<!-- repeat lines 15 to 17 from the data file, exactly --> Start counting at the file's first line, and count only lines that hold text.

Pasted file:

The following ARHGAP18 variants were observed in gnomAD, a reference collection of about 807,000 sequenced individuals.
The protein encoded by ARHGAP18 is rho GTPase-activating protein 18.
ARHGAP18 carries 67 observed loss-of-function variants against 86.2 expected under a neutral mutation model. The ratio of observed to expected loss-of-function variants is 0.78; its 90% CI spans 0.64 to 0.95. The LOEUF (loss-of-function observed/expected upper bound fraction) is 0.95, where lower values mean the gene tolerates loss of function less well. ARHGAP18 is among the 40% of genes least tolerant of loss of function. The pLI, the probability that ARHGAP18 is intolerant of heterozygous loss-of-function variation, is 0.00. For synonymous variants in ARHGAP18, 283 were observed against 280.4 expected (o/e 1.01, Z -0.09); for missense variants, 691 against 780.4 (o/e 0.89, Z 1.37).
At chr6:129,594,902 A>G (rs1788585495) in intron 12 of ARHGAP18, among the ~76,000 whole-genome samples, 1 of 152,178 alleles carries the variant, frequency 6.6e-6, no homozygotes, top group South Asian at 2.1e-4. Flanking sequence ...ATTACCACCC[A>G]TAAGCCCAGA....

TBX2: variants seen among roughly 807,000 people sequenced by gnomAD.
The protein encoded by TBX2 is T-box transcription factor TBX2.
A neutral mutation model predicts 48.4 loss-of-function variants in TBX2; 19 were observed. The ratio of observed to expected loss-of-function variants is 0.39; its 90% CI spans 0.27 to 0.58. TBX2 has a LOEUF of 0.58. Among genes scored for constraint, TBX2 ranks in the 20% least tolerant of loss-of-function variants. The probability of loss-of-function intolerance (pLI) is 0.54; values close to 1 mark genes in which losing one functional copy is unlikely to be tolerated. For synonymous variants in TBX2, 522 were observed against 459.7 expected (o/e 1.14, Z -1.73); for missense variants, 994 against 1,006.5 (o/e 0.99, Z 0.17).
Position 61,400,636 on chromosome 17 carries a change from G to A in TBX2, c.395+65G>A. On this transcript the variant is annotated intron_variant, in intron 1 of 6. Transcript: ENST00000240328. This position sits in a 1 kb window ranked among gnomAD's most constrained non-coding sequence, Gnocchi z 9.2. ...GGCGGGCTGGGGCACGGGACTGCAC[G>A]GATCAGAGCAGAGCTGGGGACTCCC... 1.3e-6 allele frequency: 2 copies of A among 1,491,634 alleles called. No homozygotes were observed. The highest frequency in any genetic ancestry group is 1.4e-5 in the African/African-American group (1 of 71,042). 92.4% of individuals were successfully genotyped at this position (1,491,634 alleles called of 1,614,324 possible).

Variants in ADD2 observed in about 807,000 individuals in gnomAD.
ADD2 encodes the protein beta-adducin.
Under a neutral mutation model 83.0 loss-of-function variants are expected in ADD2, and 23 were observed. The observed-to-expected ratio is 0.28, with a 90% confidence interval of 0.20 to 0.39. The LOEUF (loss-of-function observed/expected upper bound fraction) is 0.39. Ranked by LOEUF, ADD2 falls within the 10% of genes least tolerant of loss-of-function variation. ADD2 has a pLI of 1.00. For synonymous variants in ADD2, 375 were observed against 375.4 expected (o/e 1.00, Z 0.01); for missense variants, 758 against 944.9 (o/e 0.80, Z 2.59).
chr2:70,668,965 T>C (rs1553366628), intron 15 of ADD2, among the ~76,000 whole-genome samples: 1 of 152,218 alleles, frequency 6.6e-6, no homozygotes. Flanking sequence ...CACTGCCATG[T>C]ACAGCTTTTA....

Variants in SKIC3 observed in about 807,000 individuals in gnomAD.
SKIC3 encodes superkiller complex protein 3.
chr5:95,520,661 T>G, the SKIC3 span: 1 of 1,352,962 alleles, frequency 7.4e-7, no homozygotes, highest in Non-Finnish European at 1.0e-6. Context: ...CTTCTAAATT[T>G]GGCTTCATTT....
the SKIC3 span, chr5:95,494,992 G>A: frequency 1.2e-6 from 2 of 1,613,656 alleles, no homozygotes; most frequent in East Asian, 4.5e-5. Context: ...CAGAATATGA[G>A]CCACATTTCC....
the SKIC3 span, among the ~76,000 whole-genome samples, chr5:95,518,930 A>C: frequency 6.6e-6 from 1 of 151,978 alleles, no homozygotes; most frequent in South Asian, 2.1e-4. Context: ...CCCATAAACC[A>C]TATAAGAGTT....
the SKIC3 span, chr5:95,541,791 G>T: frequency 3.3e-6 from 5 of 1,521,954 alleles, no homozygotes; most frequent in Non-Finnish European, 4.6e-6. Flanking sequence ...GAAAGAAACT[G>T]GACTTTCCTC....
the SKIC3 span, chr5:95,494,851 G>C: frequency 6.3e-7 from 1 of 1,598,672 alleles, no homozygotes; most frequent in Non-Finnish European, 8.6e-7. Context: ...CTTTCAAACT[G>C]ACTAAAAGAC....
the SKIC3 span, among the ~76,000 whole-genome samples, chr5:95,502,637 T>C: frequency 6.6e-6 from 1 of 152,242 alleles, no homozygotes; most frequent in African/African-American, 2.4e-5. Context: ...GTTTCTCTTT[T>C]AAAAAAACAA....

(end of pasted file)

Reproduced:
chr5:95,520,661 T>G, the SKIC3 span: 1 of 1,352,962 alleles, frequency 7.4e-7, no homozygotes, highest in Non-Finnish European at 1.0e-6. Context: ...CTTCTAAATT[T>G]GGCTTCATTT....
the SKIC3 span, chr5:95,494,992 G>A: frequency 1.2e-6 from 2 of 1,613,656 alleles, no homozygotes; most frequent in East Asian, 4.5e-5. Context: ...CAGAATATGA[G>A]CCACATTTCC....
the SKIC3 span, among the ~76,000 whole-genome samples, chr5:95,518,930 A>C: frequency 6.6e-6 from 1 of 151,978 alleles, no homozygotes; most frequent in South Asian, 2.1e-4. Context: ...CCCATAAACC[A>C]TATAAGAGTT....